1. The nature of the act that he has done, or
  2. That he is doing what is either wrong or illegal
  3. The commission of the act is contrary to law.

Mere abnormality of mind or partial delusion, irresistible impulse or compulsive behavior of a psychopath affords no protection under Section 84 Indian penal code.

Surendra Mishra vs. state of Jharkhand

This is a landmark for section 84 of the Indian penal code in this case  the Apex Court has stated that an accused who seeks exoneration from liability of an act under Section 84 of the Indian Penal Code is to prove legal insanity and not medical insanity and the court also explained the ambit of this section.

Facts of the case: In this case the deceased Chandrashekhar chaubey was going in a car which was driven by Vidyut Kumar Modi after reaching to a destination Chandrashekhar chaubey asked the driver to stop the car and he called Shasdhar Mukherjee the owner of sulekha auto parts. the deceased (Chandrashekhar chaubey) started talking to him(Shasdhar Mukherjee) from inside the car and all of a sudden the appellant who is the owner of a medical hall came there with a pistol he pushed Shasdhar Mukherjee aside and fired the pistol on Chandrashekhar chaubey after which the driver fled away from the place where this crime happened and he immediately informed the family members of the deceased and left the deceased in the car itself on the basis of the facts a case was filed under section 302 of Indian Penal Code and section 27 of the arms act against the appellant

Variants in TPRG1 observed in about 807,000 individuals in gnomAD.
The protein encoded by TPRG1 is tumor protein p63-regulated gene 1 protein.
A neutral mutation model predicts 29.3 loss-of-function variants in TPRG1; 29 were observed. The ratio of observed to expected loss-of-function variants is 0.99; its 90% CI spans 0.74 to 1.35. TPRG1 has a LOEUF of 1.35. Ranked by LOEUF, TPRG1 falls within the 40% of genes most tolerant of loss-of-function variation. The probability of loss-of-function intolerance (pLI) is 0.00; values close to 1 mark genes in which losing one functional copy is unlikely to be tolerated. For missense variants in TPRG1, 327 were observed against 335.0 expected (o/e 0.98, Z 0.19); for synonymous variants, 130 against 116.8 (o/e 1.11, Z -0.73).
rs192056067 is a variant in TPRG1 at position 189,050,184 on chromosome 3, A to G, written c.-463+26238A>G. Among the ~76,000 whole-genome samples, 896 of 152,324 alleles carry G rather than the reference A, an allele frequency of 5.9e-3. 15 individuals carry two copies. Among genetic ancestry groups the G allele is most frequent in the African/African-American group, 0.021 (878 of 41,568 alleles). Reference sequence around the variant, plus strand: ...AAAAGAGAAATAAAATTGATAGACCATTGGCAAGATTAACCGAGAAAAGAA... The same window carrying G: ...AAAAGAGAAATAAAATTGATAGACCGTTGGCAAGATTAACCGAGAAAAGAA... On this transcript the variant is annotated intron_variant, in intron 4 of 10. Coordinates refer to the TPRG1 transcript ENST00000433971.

later on the appellant was put on trial for the Commission of offences under section 302 of Indian Penal Code and section 27 of the arms act the plea of the appellant was that by the virtue of unsoundness of mind the act committed by him comes within the exception under section 84 of the Indian Penal Code and therefore he cannot be held liable for the act done by him the trial court and later the High Court also rejected the plea of the appellant.

In this case the court said that for taking the defense of insanity or the defense of unsound mind under section 84 of the Indian Penal Code it must be established that the act committed are not offence and the person taking the defense is required to prove that at the time of Commission of the act the accused by the reason of unsound mind was incapable of making difference between wrong or right, legal or illegal nature of the act in the present case after the investigation it was made clear that immediately after the appellant had shot dead the deceased he then threatened vidyut Kumar ( the driver of the deceased) and he also ran away from the place of occurrence and he threw the pistol by these acts of the appellant it can be made clear that he was well known that whatever he has done is wrong and illegal. He (the appellant) was running a medical shop and came to the place of occurrence and shot dead the deceased had the appellant been the person of unsound mind it may not have been possible for him to run a medical shop and the court held the appellant libel under the section 302 of Indian penal court and section 27 of the arms act.